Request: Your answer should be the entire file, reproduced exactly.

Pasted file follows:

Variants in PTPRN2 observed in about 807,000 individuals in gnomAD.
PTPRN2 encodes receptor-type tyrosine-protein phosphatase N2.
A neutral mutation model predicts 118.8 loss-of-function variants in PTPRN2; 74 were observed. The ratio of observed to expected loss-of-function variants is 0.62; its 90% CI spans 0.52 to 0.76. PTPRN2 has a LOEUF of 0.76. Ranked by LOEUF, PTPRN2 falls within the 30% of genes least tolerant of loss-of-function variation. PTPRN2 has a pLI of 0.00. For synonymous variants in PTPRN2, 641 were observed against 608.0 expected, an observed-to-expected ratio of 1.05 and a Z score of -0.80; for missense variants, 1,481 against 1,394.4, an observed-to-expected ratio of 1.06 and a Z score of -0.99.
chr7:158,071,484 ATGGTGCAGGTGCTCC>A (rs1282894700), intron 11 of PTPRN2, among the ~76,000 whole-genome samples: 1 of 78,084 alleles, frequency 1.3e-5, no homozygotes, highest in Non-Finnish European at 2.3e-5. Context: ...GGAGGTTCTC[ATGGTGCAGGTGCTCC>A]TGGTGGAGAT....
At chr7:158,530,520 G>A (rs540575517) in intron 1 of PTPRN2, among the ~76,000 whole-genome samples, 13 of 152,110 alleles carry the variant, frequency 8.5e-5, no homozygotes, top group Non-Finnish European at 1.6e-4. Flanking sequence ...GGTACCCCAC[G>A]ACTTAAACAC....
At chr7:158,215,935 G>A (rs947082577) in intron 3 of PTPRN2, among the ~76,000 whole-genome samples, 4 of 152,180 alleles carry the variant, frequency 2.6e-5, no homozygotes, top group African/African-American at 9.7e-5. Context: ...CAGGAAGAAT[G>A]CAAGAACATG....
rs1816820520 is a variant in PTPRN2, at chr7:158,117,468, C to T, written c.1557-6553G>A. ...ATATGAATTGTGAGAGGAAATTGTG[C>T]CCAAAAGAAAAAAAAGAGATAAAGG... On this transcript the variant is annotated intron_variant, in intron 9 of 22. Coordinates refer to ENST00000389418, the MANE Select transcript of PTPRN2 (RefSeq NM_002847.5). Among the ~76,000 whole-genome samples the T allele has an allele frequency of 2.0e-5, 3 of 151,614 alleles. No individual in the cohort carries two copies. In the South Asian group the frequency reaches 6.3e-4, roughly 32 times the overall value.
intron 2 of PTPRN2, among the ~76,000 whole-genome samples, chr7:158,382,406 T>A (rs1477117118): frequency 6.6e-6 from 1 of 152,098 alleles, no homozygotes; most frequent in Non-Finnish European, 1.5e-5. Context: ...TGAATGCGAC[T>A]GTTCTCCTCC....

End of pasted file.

Variants in PTPRN2 observed in about 807,000 individuals in gnomAD.
PTPRN2 encodes receptor-type tyrosine-protein phosphatase N2.
A neutral mutation model predicts 118.8 loss-of-function variants in PTPRN2; 74 were observed. The ratio of observed to expected loss-of-function variants is 0.62; its 90% CI spans 0.52 to 0.76. PTPRN2 has a LOEUF of 0.76. Ranked by LOEUF, PTPRN2 falls within the 30% of genes least tolerant of loss-of-function variation. PTPRN2 has a pLI of 0.00. For synonymous variants in PTPRN2, 641 were observed against 608.0 expected, an observed-to-expected ratio of 1.05 and a Z score of -0.80; for missense variants, 1,481 against 1,394.4, an observed-to-expected ratio of 1.06 and a Z score of -0.99.
chr7:158,071,484 ATGGTGCAGGTGCTCC>A (rs1282894700), intron 11 of PTPRN2, among the ~76,000 whole-genome samples: 1 of 78,084 alleles, frequency 1.3e-5, no homozygotes, highest in Non-Finnish European at 2.3e-5. Context: ...GGAGGTTCTC[ATGGTGCAGGTGCTCC>A]TGGTGGAGAT....
At chr7:158,530,520 G>A (rs540575517) in intron 1 of PTPRN2, among the ~76,000 whole-genome samples, 13 of 152,110 alleles carry the variant, frequency 8.5e-5, no homozygotes, top group Non-Finnish European at 1.6e-4. Flanking sequence ...GGTACCCCAC[G>A]ACTTAAACAC....
At chr7:158,215,935 G>A (rs947082577) in intron 3 of PTPRN2, among the ~76,000 whole-genome samples, 4 of 152,180 alleles carry the variant, frequency 2.6e-5, no homozygotes, top group African/African-American at 9.7e-5. Context: ...CAGGAAGAAT[G>A]CAAGAACATG....
rs1816820520 is a variant in PTPRN2, at chr7:158,117,468, C to T, written c.1557-6553G>A. ...ATATGAATTGTGAGAGGAAATTGTG[C>T]CCAAAAGAAAAAAAAGAGATAAAGG... On this transcript the variant is annotated intron_variant, in intron 9 of 22. Coordinates refer to ENST00000389418, the MANE Select transcript of PTPRN2 (RefSeq NM_002847.5). Among the ~76,000 whole-genome samples the T allele has an allele frequency of 2.0e-5, 3 of 151,614 alleles. No individual in the cohort carries two copies. In the South Asian group the frequency reaches 6.3e-4, roughly 32 times the overall value.
intron 2 of PTPRN2, among the ~76,000 whole-genome samples, chr7:158,382,406 T>A (rs1477117118): frequency 6.6e-6 from 1 of 152,098 alleles, no homozygotes; most frequent in Non-Finnish European, 1.5e-5. Context: ...TGAATGCGAC[T>A]GTTCTCCTCC....